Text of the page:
Committee accepted with no changes on first submission.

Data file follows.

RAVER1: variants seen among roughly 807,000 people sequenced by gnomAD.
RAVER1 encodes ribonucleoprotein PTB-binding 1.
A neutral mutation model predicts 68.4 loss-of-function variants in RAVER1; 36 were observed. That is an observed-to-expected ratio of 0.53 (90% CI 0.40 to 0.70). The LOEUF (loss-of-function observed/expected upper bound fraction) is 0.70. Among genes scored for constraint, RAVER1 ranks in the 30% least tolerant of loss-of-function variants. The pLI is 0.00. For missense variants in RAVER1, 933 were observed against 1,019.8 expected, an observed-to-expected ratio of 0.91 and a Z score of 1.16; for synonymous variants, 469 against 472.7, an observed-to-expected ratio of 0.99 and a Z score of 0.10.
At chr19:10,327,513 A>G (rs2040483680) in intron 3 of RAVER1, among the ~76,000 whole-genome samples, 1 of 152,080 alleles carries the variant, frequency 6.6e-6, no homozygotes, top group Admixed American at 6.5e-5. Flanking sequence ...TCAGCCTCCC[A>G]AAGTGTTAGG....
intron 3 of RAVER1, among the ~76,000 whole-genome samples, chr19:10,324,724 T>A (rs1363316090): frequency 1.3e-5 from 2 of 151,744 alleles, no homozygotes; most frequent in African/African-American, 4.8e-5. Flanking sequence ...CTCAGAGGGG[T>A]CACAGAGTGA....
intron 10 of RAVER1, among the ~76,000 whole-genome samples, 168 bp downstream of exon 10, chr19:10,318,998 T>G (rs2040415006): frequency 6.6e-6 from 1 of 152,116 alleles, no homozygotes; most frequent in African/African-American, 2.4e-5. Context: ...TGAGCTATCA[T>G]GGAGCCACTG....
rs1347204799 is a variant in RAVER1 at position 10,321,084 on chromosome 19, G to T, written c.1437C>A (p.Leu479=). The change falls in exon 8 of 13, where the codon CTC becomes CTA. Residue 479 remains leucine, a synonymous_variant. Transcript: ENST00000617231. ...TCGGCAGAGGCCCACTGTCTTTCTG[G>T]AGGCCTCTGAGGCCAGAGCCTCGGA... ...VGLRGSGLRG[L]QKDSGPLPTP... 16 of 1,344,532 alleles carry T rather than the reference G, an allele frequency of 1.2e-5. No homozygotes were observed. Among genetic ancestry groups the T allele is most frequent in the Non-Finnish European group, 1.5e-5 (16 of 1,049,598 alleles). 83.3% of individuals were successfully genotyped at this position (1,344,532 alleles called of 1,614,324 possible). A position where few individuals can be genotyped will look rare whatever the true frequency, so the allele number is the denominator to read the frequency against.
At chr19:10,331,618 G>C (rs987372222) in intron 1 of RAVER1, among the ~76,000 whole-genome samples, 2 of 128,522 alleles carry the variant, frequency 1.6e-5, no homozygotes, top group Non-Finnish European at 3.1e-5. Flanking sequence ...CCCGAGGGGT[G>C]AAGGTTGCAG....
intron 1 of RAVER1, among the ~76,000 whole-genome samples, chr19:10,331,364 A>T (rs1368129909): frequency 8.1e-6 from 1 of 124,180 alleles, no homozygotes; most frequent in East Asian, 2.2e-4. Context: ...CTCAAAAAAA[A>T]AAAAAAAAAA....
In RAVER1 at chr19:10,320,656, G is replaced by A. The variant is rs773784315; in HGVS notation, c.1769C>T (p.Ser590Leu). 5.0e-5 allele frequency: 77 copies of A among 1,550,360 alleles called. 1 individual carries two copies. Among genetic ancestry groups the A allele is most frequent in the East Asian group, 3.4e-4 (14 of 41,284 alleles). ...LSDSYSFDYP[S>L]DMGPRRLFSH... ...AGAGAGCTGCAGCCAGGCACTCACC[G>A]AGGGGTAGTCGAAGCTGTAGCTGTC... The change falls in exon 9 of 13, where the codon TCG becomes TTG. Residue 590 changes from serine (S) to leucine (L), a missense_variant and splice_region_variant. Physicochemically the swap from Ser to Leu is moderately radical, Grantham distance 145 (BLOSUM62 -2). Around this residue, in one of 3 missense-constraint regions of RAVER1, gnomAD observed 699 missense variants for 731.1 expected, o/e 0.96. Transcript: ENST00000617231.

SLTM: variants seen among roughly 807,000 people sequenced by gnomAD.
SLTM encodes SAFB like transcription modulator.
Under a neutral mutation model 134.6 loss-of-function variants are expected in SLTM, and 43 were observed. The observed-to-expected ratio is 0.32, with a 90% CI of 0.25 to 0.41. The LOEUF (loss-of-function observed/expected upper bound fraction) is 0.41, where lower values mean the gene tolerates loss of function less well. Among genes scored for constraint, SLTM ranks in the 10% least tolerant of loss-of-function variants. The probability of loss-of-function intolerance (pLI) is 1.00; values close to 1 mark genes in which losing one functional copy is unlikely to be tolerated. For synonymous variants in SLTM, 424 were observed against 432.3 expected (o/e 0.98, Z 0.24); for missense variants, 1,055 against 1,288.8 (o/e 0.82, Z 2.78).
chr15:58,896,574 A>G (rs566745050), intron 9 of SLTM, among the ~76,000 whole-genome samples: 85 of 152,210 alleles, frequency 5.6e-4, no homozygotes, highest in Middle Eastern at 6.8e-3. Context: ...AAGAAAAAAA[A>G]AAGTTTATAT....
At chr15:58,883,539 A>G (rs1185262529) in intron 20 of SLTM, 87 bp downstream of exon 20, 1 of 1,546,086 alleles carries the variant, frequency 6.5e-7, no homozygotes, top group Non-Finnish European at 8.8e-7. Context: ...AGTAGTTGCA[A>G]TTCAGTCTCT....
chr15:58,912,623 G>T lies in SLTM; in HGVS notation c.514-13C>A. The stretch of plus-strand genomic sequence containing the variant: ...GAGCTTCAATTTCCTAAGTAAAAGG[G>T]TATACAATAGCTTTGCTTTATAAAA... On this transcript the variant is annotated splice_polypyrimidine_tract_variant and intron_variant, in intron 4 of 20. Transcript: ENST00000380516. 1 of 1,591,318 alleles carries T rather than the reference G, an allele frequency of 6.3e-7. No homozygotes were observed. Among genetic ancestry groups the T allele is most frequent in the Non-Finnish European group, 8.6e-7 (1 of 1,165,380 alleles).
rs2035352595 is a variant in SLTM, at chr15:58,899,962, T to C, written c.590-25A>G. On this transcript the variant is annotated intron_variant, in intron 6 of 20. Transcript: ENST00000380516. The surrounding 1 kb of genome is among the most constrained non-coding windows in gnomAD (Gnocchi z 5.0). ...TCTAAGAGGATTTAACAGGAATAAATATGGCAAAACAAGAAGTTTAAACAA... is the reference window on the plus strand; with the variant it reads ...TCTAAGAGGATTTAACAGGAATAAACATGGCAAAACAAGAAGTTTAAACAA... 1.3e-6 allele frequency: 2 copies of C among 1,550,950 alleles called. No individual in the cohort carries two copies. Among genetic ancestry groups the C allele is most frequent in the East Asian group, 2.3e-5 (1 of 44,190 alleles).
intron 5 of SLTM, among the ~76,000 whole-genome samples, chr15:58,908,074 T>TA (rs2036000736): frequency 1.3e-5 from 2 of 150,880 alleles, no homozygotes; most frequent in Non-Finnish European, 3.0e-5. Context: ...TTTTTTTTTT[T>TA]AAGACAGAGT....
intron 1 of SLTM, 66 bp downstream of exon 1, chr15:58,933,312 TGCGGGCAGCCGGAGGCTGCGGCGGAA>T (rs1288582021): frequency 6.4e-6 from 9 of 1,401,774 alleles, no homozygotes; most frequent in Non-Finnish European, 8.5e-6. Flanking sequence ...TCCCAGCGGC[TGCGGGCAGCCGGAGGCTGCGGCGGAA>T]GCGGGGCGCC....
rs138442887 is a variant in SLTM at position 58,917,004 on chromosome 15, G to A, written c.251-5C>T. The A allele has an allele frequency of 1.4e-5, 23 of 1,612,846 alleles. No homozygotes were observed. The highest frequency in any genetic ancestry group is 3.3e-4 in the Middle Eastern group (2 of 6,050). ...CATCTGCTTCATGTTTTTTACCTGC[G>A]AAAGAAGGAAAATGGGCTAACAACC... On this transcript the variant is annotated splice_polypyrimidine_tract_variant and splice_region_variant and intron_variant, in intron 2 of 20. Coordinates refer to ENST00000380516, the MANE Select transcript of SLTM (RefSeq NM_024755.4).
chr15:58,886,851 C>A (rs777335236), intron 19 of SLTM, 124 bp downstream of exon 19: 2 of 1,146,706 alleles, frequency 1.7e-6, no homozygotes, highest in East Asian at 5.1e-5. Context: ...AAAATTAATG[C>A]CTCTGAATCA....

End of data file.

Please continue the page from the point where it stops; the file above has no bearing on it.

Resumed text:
The Cognitive Theory of Multimedia Learning has enjoyed a prominent role in guiding the development of online instruction, but recent research has proposed boundary conditions for some of its key principles. Moreno and Mayer advanced the possibility of a reverse redundancy effect when narration and fully redundant on-screen text are presented in a temporally contiguous manner. The current study investigated the interaction and main effects of temporal contiguity and verbal redundancy by randomly assigning university students to one of four narrated text-only online lectures. Existing knowledge of the topic of instruction, information literacy, was assessed using a 15-question selected-response instrument developed for this research; the same instrument was later used to collect the posttreatment test data. Two-way ANCOVA analysis of the results revealed that when the pre test scores were accounted for, there was no significant difference in student achievement among the four treatment conditions. This finding held true even when the analysis was limited to low-knowledge students. While the current study’s lack of significant results may be due to methodological issues, it indicates that text-only narrated presentations may not be subject to boundary conditions for the redundancy effect and that previously held beliefs in the negative impact of redundant text and narration are likely not applicable in such situations.
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